By Susan Shore, Texas Heritage Trails Program Specialist
There’s something special about the land that is the Southern High Plains of Texas. When I moved to Lubbock from Chicago in 1996, the “horizontal yellow,” as author Dan Flores called it, pulled me in as no city landscape ever could. The land was everything to the people who roamed it and to those who eventually settled it. It determined what people ate, how they made a living, how they traveled, and how they interacted with neighbors. And it still does.
One family’s story about the challenges and delights of finding a home on this land is told at the Charles Goodnight Historical Center in Goodnight. The complex includes the recently restored 1887 Goodnight House, several outbuildings, and the J. Evetts Haley Visitor and Education Center. The latter contains exhibits that round out the story of Texas Panhandle pioneer and ranching icon Charles Goodnight, who established the first permanent cattle-raising operation in the region. His house stands at its original site, and the famous second-floor ‘sleeping porch’ has an expansive view that includes a small bison herd on the adjoining property. These bison are part of Goodnight’s descendant herd that now resides at Caprock Canyons State Park, and are managed by Buffalo Gold, a neighboring business. In the J. Evetts Haley Visitor Center, you’ll learn about bison and Goodnight’s efforts to save the Great Southern Plains herd from extinction, the evolution of transportation on the Southern High Plains, and the role of Charles and Mary Ann Goodnight in the settlement of the region.
The opening of the complex on April 13 is the culmination of seven years of work by Armstrong County Museum and its partners to raise nearly $3 million, restore the house to its original state, furnish it, build a visitors center, develop exhibits, and build a social media presence. Key partners included the Amarillo Area Foundation and Hardin-Simmons University in Abilene. As part of the project, the museum also self-published the book Charles Goodnight: A Man for the Ages, with text by B. Byron Price and photographs by Wyman Meinzer. The Texas Historical Commission (THC) provided a heritage tourism partnership grant to assist with exhibit development and marketing.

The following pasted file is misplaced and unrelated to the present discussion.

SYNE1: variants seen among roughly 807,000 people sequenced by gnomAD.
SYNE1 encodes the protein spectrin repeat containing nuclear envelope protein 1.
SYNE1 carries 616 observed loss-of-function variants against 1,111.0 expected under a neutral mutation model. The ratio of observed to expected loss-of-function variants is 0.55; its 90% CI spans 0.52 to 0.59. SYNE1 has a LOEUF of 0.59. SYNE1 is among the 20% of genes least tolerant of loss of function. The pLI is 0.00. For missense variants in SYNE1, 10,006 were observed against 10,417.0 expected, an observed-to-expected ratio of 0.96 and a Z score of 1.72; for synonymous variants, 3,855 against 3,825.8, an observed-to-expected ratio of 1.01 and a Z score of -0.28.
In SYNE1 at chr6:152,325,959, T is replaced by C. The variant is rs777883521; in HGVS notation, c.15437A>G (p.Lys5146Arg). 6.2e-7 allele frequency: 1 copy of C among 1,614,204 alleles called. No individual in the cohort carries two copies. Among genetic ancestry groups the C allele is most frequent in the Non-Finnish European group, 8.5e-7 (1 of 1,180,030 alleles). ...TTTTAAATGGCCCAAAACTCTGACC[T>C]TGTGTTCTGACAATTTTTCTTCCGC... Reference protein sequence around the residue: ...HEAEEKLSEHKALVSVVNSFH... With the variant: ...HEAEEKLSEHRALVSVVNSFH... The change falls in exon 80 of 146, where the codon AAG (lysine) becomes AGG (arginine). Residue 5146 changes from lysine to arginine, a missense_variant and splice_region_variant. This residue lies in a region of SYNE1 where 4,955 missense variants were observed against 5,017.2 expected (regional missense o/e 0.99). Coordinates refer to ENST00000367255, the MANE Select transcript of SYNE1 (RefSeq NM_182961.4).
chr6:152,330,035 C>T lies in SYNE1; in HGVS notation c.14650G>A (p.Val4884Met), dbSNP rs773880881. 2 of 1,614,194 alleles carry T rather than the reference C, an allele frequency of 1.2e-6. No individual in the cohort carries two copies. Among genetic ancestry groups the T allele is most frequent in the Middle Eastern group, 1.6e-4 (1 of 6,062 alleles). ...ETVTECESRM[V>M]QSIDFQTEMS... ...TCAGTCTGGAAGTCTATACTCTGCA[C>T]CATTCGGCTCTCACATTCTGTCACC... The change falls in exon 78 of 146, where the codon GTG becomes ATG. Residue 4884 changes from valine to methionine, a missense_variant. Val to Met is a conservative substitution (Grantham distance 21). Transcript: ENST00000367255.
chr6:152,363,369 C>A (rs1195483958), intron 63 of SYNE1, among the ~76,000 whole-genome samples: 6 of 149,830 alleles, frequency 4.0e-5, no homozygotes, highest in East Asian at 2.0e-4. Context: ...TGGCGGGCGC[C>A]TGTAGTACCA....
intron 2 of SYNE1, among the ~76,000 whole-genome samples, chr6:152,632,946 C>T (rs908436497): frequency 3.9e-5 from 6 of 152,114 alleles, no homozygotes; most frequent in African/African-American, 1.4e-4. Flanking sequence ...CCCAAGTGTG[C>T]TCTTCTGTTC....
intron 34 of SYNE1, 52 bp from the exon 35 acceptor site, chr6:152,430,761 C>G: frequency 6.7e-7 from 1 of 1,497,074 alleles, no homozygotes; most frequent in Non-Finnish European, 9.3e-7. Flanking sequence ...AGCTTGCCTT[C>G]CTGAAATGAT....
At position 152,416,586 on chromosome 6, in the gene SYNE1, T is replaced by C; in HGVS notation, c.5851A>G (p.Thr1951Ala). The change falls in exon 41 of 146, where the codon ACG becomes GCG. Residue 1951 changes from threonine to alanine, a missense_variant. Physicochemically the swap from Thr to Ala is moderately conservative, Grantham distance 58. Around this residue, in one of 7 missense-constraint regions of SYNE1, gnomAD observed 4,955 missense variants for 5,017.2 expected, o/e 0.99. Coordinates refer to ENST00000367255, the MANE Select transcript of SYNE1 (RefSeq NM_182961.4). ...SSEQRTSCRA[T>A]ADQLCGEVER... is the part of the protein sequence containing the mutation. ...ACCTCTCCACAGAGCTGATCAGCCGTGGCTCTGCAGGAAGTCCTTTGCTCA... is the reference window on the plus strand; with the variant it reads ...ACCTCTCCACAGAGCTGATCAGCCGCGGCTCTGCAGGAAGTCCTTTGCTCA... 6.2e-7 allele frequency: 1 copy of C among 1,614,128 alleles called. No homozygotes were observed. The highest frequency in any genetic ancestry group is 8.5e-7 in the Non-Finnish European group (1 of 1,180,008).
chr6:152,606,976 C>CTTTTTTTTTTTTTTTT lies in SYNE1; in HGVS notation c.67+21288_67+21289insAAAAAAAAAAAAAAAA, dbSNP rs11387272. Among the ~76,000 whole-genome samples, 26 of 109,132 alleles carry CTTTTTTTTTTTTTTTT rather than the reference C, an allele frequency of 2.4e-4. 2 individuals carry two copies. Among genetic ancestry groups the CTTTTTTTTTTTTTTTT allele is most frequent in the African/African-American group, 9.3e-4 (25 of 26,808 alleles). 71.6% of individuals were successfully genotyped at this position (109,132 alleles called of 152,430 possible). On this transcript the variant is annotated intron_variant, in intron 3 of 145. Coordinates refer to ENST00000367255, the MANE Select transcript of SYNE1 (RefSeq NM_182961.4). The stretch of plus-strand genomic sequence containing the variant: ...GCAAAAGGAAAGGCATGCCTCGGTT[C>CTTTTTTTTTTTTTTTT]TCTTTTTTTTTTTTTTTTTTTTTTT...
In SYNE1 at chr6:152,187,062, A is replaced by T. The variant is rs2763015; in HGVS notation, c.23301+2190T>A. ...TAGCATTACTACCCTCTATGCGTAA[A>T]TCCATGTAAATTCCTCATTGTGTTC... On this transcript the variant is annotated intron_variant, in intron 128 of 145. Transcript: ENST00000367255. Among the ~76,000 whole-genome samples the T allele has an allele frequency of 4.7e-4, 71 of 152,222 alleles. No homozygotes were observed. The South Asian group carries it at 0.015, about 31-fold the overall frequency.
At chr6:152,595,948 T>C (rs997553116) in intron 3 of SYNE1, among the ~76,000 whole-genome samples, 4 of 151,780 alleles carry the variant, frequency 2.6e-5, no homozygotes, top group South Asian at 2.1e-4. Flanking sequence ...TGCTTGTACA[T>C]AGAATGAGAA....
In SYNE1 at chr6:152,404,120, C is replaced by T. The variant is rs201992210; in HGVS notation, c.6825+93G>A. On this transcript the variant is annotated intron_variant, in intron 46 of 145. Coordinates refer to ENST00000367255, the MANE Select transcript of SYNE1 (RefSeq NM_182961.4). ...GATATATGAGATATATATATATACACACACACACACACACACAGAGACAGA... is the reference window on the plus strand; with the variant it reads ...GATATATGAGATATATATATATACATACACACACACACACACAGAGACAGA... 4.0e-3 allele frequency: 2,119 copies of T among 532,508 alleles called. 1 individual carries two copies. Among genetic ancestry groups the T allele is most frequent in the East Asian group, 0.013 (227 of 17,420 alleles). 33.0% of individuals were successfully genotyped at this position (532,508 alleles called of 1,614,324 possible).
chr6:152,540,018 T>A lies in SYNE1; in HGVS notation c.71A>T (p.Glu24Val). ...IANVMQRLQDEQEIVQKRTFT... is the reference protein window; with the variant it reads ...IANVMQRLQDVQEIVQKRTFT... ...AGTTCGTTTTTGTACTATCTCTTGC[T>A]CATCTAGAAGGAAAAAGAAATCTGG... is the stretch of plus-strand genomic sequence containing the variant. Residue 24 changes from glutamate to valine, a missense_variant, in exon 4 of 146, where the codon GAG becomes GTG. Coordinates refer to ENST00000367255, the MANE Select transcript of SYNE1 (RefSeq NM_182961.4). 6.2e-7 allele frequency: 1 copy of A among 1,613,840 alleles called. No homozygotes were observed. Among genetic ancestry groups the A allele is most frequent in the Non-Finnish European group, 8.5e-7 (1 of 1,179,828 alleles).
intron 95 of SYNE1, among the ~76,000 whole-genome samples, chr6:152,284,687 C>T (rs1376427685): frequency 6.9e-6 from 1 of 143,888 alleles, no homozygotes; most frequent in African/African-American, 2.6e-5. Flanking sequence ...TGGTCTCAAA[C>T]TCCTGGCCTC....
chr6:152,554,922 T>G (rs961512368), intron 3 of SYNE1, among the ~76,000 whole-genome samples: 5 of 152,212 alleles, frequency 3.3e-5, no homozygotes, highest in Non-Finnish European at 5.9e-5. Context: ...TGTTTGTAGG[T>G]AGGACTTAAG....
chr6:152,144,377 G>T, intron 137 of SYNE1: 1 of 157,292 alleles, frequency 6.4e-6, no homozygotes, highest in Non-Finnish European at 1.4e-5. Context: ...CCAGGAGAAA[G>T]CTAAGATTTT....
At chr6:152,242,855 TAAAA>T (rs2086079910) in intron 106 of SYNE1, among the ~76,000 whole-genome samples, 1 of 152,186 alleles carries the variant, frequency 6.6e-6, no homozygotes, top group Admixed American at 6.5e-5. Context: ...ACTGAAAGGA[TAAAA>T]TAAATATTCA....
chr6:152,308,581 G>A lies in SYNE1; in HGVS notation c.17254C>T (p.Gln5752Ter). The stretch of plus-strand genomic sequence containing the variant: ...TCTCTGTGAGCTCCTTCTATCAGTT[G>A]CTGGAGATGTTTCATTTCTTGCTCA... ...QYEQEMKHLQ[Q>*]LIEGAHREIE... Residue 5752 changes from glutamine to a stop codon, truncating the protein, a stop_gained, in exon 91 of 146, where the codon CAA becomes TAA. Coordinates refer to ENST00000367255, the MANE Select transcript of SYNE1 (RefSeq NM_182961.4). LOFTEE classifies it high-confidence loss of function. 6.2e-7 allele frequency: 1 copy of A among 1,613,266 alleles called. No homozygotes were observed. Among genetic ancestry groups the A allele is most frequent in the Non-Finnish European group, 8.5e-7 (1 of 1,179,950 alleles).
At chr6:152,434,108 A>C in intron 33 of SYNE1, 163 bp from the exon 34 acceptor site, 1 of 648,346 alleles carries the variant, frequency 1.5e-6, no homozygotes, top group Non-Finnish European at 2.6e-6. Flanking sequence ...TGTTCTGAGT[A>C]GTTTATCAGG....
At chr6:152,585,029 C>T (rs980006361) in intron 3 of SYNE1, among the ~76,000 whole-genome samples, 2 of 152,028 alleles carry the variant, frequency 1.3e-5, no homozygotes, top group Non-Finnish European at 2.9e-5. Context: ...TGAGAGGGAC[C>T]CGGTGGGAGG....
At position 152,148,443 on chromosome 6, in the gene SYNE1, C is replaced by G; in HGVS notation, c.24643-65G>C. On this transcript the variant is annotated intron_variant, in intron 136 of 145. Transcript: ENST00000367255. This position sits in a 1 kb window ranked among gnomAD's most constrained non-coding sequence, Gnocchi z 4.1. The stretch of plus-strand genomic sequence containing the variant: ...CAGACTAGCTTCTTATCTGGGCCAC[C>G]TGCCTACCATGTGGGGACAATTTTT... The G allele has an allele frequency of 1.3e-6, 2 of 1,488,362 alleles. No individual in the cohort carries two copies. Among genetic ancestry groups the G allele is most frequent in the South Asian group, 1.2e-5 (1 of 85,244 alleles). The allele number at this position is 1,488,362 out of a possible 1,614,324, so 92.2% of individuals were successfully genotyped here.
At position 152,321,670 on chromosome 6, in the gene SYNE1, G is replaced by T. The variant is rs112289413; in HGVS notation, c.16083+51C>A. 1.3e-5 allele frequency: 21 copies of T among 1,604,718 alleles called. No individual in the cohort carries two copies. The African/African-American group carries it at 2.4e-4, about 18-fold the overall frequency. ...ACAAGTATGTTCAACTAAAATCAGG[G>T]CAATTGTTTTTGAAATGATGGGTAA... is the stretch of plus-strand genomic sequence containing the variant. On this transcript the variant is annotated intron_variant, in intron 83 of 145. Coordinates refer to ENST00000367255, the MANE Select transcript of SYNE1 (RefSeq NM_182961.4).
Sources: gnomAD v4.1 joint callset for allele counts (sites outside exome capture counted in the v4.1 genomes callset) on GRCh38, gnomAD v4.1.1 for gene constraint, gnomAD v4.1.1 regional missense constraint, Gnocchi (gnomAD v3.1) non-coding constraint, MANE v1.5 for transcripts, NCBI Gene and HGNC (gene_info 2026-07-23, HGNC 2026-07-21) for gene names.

Armstrong County Museum board chair Montie Goodin, board member Dr. Kay Henard, and Dr. Tim Chandler, professor of communications at Hardin-Simmons University, shared some insights about the challenges and benefits of working on the many facets of this project.
This is a multi-million dollar project. What were some of the fundraising challenges you encountered, and how were you assisted by the Amarillo Area Foundation?
Goodin: The major fundraising challenge we encountered was the fact that we are a small museum in a sparsely settled county. Many did not take our endeavors seriously, but there were many that did. From the start, we planned to only spend money when we had money, and would not risk the Armstrong County Museum by going in debt. That remained our plan and, consequently, when the recession hit, we “shut down” for one year right in the middle of our restoration. Then the money started flowing again, and we resumed work. The Amarillo Area Foundation is an asset for the entire area. Charlotte Rhodes, director of the foundation’s Nonprofit Service Center, was instrumental in helping us to achieve our goals. The Amarillo Area Foundation was first and foremost in charge of our grant program. They kept up with our financial needs involved with grant applications and grants received. They also were available for questions and general advice. They helped with fundraising events. Their contacts were invaluable and well worth the money spent to work with them.
How did working with Hardin-Simmons University enhance your understanding of exhibit development and capacity to develop the complex?